The official reveal of DriveClub VR for PlayStation VR was a long time coming. Discussed on many occasions by various representatives of Sony Interactive Entertainment (SIE) as an early test for bringing virtual reality (VR) to racing videogames, there was a long period of ‘Will it? Won’t it?’ debate surrounding a potential consumer release. However, after offering hands-on opportunities SIE’s hands may have been tied: here was a chance to give DriveClub the audience that was always intended for it.
As originally revealed to have been a prototype experience some time ago, the general belief had been that the lessons learned there were to be transferred into the forthcoming Gran Turismo Sport, but SIE shocked the virtual reality (VR) community by offering a playable build of DriveClub VR at PlayStation Experience, San Francisco, late last year. At last week’s Gamescom, Cologne, the build made its European debut and once again benefited from a great reception.
DriveClub VR was developed by the same team behind DriveClub at the now defunct Evolution Studios. It’s not known whether DriveClub VR will be offered as an update to the existing DriveClub videogame or a separate package altogether, or even a combination of the two to please those who own the original release and those who don’t at the same time. However, it same been confirmed that whatever form it takes DriveClub VR will be available at launch.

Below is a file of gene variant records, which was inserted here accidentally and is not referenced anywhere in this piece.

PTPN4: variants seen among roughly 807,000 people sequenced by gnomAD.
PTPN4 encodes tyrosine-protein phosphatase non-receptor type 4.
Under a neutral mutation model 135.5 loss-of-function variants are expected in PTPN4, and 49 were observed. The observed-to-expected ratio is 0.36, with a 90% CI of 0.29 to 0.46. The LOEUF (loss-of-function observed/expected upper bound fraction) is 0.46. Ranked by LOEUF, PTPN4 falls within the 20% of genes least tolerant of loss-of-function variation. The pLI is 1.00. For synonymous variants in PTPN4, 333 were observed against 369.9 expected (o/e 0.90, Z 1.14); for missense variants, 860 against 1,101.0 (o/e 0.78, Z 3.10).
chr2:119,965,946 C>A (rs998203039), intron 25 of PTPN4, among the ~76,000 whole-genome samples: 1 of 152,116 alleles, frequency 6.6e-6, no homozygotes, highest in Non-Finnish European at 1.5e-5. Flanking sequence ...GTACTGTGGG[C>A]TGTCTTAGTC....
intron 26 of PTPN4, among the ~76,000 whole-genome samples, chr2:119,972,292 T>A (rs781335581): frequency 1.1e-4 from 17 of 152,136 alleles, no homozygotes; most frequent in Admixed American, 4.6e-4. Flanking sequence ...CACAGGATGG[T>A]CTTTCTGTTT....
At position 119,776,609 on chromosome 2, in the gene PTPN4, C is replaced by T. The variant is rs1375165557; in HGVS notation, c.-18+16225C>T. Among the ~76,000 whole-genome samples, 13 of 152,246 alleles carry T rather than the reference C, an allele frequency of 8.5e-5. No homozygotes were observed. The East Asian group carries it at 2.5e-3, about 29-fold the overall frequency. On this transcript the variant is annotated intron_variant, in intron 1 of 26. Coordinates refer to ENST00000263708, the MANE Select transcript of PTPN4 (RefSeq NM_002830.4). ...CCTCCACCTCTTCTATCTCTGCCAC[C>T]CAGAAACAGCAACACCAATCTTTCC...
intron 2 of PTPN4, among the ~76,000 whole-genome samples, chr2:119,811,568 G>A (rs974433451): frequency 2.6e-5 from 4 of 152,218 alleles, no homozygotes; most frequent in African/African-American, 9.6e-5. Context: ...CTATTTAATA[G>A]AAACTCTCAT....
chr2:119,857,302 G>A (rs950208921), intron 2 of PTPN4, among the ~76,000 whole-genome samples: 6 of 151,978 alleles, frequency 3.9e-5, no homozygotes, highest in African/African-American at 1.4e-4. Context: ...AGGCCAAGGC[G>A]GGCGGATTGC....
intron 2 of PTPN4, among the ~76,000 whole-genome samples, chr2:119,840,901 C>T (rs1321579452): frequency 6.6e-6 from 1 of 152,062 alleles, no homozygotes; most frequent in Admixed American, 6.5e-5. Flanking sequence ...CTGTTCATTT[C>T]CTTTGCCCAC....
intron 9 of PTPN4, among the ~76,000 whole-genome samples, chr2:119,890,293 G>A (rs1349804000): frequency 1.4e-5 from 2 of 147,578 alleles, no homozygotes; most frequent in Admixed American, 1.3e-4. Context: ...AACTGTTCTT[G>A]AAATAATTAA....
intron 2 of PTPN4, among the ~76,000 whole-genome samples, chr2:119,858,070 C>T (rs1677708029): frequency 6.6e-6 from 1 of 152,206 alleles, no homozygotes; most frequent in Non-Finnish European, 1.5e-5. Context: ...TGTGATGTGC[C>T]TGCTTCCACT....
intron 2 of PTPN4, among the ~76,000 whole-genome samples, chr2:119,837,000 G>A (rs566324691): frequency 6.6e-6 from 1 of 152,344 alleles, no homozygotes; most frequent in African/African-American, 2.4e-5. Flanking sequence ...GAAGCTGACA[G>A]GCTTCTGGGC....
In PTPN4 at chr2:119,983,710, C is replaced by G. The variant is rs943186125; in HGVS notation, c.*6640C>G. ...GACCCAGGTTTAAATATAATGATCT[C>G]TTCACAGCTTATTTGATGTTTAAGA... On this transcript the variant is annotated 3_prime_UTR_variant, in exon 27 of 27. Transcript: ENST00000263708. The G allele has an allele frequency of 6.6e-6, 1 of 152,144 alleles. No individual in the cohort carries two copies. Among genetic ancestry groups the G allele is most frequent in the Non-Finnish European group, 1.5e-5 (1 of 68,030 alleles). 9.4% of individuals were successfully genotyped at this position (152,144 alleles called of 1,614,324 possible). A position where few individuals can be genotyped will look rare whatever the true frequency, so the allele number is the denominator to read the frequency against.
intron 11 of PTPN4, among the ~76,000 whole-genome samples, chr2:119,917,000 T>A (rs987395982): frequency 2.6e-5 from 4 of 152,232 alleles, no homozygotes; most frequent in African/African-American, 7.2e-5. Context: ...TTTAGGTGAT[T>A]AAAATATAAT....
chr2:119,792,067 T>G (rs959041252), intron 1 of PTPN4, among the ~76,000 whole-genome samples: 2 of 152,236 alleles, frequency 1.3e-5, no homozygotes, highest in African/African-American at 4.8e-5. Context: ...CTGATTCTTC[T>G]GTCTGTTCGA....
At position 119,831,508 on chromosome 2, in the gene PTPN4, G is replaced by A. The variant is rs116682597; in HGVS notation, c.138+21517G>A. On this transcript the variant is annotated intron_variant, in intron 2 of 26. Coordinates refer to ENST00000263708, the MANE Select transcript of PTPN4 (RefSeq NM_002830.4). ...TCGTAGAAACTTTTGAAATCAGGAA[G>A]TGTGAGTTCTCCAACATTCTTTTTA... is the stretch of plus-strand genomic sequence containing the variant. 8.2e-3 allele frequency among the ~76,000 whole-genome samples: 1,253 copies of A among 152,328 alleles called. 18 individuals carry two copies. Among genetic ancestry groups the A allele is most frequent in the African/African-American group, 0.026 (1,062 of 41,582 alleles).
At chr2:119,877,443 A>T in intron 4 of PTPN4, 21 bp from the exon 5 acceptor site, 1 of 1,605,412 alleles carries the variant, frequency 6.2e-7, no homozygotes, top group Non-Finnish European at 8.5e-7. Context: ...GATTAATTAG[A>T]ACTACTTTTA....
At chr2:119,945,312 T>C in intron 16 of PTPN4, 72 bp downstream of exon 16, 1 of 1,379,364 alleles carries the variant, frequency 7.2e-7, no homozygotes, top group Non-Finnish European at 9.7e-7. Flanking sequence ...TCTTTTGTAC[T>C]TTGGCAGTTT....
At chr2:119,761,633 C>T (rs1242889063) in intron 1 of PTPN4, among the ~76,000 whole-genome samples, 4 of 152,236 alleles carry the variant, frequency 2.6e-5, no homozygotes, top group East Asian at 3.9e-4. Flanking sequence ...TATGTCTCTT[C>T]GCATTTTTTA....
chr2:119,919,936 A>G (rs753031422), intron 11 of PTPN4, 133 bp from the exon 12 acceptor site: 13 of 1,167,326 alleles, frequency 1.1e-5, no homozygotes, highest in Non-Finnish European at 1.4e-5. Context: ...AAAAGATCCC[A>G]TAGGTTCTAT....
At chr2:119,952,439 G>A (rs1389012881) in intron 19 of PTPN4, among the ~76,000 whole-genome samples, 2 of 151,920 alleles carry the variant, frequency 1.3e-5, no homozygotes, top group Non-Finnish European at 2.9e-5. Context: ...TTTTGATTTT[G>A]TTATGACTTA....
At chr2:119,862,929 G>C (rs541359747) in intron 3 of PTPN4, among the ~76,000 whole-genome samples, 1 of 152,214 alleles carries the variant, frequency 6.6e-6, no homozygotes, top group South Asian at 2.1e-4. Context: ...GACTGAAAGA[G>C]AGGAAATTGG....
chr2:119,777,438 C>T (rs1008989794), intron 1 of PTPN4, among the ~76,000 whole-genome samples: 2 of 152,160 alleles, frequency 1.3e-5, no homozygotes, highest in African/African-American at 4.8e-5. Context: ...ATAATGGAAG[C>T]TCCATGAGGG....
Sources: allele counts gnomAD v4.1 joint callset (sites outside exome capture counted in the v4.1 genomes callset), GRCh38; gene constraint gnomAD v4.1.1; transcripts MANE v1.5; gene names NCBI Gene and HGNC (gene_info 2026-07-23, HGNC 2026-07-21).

VRFocus got hands-on with DriveClub VR at that PlayStation Experience debut last year, and again at Gamescom. Thankfully, the videogame is still at the point where it’s an easy recommendation, especially for the launch of PlayStation VR. Played with either the DualShock 4 controller or a steering wheel (of which, VRFocus has experienced both) DriveClub VR takes racing immersion to a whole new level. The cockpit view is default – with good reason – the ability to look around, view your competitors and their racing lines and plan your next move feels wholly new. Getting the foot onto the brake pedal before pumping the gas as you move through a corner convinces your brain that you can feel that rear end turning out.
Racing videogames in VR is not new; the launches of the Oculus Rift and HTC Vive were accompanied by many different titles. However, DriveClub VR is set to take an early lead in the genre, with only Project CARS currently offering a comparable real-world driving simulation. That is of course, until we get to see more of Gran Turismo Sport’s PlayStation VR compatibility.
The PlayStation VR is set to launch on 13th October 2016, and VRFocus has prepared a guide to the best accessories for PlayStation VR to make sure you’re prepared in plenty of time. Perhaps it’s time to add steering wheels to the selection of PlayStation VR compatible accessories?